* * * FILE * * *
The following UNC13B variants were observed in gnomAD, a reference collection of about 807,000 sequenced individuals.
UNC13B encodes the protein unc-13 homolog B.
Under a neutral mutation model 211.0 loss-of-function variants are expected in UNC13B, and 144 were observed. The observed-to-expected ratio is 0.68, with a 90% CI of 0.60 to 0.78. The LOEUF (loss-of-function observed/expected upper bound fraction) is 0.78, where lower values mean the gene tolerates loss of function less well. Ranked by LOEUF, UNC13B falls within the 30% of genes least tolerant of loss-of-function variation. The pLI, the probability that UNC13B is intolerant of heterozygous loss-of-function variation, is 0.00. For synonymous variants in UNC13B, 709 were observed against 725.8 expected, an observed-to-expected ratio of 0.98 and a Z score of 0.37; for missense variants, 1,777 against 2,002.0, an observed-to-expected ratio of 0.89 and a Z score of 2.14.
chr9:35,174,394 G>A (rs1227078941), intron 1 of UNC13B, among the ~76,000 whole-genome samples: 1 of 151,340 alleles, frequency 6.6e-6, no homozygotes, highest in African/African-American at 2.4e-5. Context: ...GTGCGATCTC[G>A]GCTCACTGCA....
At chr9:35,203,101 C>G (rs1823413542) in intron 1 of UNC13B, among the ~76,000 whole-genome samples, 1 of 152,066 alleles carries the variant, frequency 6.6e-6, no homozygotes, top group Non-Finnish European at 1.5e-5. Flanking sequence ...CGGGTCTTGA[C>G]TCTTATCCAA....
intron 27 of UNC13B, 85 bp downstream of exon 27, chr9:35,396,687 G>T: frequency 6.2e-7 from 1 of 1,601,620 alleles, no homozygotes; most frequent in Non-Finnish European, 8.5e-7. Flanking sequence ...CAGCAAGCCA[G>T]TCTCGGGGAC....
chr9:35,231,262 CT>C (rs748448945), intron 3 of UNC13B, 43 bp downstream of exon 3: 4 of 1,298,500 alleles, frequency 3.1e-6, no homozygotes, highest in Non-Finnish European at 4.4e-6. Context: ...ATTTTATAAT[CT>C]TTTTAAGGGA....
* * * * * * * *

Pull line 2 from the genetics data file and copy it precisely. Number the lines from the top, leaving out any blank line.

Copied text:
UNC13B encodes the protein unc-13 homolog B.